Bronfman to Ontario gov: ‘You guys saved our proverbial butts’
A ribbon-cutting ceremony for the new William F. White Centre in west Toronto hears Toronto's revived production scene might never have happened, if not for Ontario's 25% all-spend film tax credit.
Major Ontario production players gathered Thursday night to launch the $20 million William F. White Centre in west Toronto and celebrate their local industry getting its mojo back.
There were old friends, well-wishers and glad-handing politicians, all cheering Toronto’s return to big-league filmmaking with high profile local movie shoots like David Cronenberg’s Cosmopolis and Columbia’s $200 million Total Recall remake.
“We’re growing up. We’re exploding. There’s an energy here. It’s in the room,” Canadian director Norman Jewison told the pep rally audience.
But when William F. White International head Paul Bronfman came on stage to talk about his new production support facility, he pointed to the big budget Hollywood shoots that almost never made it to Ontario.
“You guys saved our proverbial butts,” Bronfman told Ontario culture minister Michael Chan and Liberal Etobicoke/Lakeshore MPP Laurel Broten as they looked on from the audience.
He recalled June 14, 2009, when William F. White was drawing up plans for a new Toronto studio complex and news arrived that Quebec was making its 25% film tax credit an all-spend, rather than for local labour costs only.
Never mind a rising Canadian dollar, or competition from U.S. states with their own generous tax credits – the threat to the survival of the Ontario production industry had come from a neighbour.
“We thought we were in deep trouble,” Bronfman remembered.
So the William F. White boss and a host of other somber local players huddled at Film Ontario to assess the crisis at hand.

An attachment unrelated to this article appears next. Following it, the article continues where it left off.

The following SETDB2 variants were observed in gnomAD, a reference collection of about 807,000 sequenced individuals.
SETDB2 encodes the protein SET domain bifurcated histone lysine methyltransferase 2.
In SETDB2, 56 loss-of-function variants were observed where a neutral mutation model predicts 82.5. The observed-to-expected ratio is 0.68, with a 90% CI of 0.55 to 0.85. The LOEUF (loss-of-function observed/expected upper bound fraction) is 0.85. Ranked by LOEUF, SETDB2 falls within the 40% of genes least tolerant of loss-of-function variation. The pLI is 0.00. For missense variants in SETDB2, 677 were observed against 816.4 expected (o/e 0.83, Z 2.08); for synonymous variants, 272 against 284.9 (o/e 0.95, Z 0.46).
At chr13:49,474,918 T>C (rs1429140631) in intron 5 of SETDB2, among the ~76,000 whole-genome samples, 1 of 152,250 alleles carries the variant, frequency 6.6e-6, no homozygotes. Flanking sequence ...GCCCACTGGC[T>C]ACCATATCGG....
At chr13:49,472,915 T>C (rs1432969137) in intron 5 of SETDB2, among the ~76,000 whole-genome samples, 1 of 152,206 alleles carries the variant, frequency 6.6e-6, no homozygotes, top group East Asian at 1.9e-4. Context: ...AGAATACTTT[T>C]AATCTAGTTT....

They were told a slew of Hollywood service shoots then in pre-production in Toronto had suddenly been told by bean-counters in Los Angeles to pick up stakes and relocate trailers and crews to Montreal.
The Quebec film tax credit had doubled in value overnight. The savings were too much to pass up.
“What are we going to do? We approached the [Dalton] McGuinty government,” Bronfman recalled of those dark hours in the third week of June 2009.
To get the U.S. service productions to remain in the province, the Ontario industry needed to convince McGuinty’s government to match Quebec and make the Ontario Production Services Tax Credit an all-spend incentive.
It was a bold ask, even foolhardy. The provincial government a year earlier had raised the value of the Ontario Production Service Tax Credit to 25% from 18%, and in February 2009, had made its foreign and indigenous film tax credits permanent.
Now Ontario film and TV producers were returning cap in hand to the McGuinty government to ask yet again for their film tax credit to be sweetened.
To back their case, industry representatives secured estimates of what the American producers intended to spend in Ontario and stove-piped those budgets to key bureaucrats close to McGuinty.
And in a formal meeting with finance ministry officials, local film and TV players argued a generation of gains by the province’s production sector stood to be lost overnight if Ontario did not match Quebec’s 25% all-spend tax credit.
As Bronfman recalled Thursday night to a room full of local producers, directors, cinematographers, writers, editors and actors, on June 29, 2009, McGuinty’s government announced it would expand the Ontario Production Services Tax Credit to include all qualifying production costs incurred locally.
“No one was going to eat our lunch,” Bronfman said of the victory for the Ontario production sector that enabled this week’s launch of the 338,000 square foot William F. White Centre.
And with that, the evening’s emcee, Royal Canadian Air Farce cast member Alan Park ended the speech-making and brought pop-rockers The Midway State onto the stage to get the tribute to a restored Toronto production sector into party mode.